Brief Agenda Yields Long Meeting, Approved Constitution, New State Name

You can’t judge a meeting by the page length of its agenda. Nor can you judge it by the scope of the advocacy presence in the Chamber.

The most recent Committee of the Whole meeting, and the subsequent 34th Legislative Meeting, had some of the shortest agendas in recent history. Those anticipating that the short agendas would translate into brief meetings were only half correct. While the Legislative Meeting’s duration mirrored the brevity of its agenda, the earlier Committee of the Whole meeting grew comparatively lengthy. This was due to a single, but momentous, agenda item: the Constitution of our future state.

Unconventional Constitution

Earlier this year, the Council had committed to vote out a draft of our new state Constitution in time for early voting, so that those voting on the statehood initiative could be fully informed. The New Columbia Statehood Commission had approved a draft Constitution earlier this year after a series of public meetings, the Council held hearings on the document, and the Committee of the Whole’s updated draft of the document was brought up for a vote at this most recent meeting.

While the Constitution advanced largely as proposed, the following changes were among those made either in the Committee of the Whole draft or via amendments from the dais:

  • The name of our future state was changed from “New Columbia” to “Washington, D.C.” (with the “D.C.” signifying “Douglass Commonwealth,” in honor of abolitionist Frederick Douglass)
  • What had been called the “House of Delegates” was redubbed the “Legislative Assembly”
  • The purview of a mandatory Constitutional Convention occurring two years after statehood, which initially had been limited, would instead extend to anything in the Constitution
  • The process by which any proposed changes emerging from the Constitutional Convention would be enacted was modified to a simple referendum, without any role for the Legislative Assembly.  Any subsequent amendments, however, would need to be approved by a two-thirds vote of the Legislative Assembly, followed by a public referendum.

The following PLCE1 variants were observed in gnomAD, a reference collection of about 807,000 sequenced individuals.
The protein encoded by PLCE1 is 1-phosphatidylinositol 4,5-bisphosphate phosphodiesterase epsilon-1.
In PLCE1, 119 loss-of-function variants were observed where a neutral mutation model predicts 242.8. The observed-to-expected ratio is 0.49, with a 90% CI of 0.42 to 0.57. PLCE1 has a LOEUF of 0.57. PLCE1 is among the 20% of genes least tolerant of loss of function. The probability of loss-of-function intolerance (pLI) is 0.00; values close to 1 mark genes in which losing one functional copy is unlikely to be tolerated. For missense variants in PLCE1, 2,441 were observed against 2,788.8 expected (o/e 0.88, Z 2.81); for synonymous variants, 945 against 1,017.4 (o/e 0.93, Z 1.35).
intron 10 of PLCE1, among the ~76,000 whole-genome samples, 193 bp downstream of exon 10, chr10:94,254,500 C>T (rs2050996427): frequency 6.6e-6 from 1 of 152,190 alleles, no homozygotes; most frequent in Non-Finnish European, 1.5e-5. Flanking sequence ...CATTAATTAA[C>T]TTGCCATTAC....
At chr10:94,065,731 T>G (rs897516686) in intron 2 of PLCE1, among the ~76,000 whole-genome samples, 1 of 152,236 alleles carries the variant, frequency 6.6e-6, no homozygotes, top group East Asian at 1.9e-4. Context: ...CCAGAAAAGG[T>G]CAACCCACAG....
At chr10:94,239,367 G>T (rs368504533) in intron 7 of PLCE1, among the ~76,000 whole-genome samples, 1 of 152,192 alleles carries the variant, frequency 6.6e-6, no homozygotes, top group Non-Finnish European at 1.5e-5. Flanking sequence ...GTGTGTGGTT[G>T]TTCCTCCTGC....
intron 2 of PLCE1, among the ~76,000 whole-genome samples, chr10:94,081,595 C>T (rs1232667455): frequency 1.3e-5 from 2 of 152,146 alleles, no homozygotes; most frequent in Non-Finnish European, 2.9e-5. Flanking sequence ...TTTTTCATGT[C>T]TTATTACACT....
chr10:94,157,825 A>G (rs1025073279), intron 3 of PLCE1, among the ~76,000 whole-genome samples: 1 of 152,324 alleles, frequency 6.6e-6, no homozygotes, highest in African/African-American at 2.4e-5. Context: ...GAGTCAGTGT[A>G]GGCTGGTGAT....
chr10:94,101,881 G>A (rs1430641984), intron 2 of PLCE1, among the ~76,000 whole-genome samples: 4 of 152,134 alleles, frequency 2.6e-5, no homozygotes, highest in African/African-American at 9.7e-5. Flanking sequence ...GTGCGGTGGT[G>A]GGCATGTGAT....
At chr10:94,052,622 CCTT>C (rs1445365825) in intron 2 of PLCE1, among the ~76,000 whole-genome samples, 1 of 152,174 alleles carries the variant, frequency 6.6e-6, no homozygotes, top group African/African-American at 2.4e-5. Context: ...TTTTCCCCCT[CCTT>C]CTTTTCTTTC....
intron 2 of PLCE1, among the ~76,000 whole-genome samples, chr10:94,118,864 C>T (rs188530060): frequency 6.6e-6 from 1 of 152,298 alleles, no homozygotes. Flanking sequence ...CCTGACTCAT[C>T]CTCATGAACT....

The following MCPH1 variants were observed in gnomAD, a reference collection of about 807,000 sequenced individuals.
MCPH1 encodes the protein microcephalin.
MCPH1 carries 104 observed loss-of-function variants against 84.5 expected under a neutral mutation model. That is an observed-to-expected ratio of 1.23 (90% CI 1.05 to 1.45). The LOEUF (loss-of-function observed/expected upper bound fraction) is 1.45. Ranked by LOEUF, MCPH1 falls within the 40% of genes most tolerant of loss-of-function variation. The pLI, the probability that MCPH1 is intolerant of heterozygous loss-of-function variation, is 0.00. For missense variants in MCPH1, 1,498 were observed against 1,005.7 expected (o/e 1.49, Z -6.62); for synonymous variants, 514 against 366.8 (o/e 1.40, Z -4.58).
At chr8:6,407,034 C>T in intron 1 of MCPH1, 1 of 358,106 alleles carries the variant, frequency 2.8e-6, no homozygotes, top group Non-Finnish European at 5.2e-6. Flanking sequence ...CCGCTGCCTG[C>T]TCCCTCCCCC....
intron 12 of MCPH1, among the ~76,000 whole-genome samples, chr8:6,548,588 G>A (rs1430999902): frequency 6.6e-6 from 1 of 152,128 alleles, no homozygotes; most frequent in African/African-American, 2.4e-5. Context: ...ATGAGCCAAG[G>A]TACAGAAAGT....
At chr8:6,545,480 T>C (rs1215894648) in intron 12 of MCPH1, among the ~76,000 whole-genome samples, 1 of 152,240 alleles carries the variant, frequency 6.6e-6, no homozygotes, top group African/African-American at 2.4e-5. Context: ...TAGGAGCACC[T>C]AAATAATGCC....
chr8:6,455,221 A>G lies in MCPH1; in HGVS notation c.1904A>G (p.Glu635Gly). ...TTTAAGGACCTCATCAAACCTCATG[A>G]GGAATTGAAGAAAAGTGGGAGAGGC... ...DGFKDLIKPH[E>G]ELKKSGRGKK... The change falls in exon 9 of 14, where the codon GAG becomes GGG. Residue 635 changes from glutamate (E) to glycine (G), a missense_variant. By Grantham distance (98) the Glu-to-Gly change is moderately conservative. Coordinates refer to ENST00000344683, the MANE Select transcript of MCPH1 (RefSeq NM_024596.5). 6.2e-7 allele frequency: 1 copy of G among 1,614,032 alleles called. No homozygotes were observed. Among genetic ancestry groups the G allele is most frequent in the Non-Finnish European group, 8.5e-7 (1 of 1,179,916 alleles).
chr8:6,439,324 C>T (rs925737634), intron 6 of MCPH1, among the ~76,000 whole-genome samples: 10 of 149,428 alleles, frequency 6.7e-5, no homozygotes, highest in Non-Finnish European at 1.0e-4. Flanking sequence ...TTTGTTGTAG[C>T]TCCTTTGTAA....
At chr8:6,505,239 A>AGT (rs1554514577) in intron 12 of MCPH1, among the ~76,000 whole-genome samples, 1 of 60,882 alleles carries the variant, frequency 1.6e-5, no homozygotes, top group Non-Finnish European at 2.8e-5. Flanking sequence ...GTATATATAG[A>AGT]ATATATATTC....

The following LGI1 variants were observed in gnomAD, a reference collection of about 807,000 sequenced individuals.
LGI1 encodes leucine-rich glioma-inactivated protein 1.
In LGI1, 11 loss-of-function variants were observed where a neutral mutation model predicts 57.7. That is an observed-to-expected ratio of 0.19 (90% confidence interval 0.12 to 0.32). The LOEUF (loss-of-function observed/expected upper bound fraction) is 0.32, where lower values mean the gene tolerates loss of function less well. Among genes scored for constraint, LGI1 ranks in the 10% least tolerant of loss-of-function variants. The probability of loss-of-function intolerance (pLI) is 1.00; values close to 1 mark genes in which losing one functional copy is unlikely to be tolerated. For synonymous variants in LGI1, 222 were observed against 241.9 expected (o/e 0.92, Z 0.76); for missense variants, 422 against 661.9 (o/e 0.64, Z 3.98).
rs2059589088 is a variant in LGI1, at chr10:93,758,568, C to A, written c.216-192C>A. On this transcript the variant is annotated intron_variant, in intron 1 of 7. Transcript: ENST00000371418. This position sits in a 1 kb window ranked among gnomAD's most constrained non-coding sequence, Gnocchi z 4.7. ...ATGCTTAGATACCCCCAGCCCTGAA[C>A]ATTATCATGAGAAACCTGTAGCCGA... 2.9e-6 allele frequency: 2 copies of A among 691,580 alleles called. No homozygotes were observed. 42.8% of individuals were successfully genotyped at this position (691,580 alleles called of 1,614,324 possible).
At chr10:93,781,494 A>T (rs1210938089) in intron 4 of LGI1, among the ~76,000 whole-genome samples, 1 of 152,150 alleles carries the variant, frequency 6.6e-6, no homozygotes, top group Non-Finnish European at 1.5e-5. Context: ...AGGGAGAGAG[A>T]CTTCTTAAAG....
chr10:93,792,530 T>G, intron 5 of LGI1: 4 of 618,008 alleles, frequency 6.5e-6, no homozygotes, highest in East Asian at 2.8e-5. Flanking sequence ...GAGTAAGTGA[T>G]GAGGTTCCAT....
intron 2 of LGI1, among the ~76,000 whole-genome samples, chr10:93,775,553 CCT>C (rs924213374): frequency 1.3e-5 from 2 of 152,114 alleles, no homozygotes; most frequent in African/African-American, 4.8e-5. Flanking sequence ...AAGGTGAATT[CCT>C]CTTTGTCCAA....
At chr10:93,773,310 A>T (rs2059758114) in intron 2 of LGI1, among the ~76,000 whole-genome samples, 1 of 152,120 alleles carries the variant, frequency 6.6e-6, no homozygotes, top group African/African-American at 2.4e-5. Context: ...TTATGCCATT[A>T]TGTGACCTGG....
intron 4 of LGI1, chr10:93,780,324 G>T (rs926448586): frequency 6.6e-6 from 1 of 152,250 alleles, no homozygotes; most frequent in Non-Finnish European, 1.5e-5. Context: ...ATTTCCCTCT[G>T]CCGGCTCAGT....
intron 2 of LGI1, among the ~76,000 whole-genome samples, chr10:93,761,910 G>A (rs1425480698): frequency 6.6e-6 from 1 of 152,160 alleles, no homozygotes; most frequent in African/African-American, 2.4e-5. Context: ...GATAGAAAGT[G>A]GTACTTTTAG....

A number of other debates centered around the question of what level of detail was Constitution-worthy. In some cases, provisions were left in the Constitution such as legislative review of contracts, where in others, they were left to be addressed by future legislation.

“Death with Dignity” Measure is Agendized

In what can only be seen as a miscommunication or misunderstanding by advocates, the Chamber was packed to the gills with both supporters and opponents of the “Death with Dignity” bill. Advocates on both sides of the issue had clearly encouraged their supporters to attend, and remain throughout, the lengthy meeting. However, the measure was only on the agenda for a simple and discrete procedural reason. In light of the bill’s earlier approval by the Council’s Committee on Health and Human Services, the Committee of the Whole’s sole responsibility was to determine its legal sufficiency, that it adhered to budget rules, and its record was complete, and agendize it for action by the full Council at its November 1 Legislative Meeting. The Council will debate the merits of the measure twice (as it does with virtually all legislation), however the procedural vote taken at this most recent meeting was not one of those opportunities (to the likely disappointment of the patient supporters in attendance).

Other Items

In other action at the most recent meetings:

  • A ceremonial resolution was presented in honor of Breast Cancer Awareness Month
  • A measure was introduced to assess if/how the District government can compensate Business Improvement Districts for future work on sidewalk snow removal
  • A measure was introduced regarding potential future electronic signage outside Nationals Park, similar to what currently exists outside Verizon Center

For a full list of votes taken at the meetings, click here.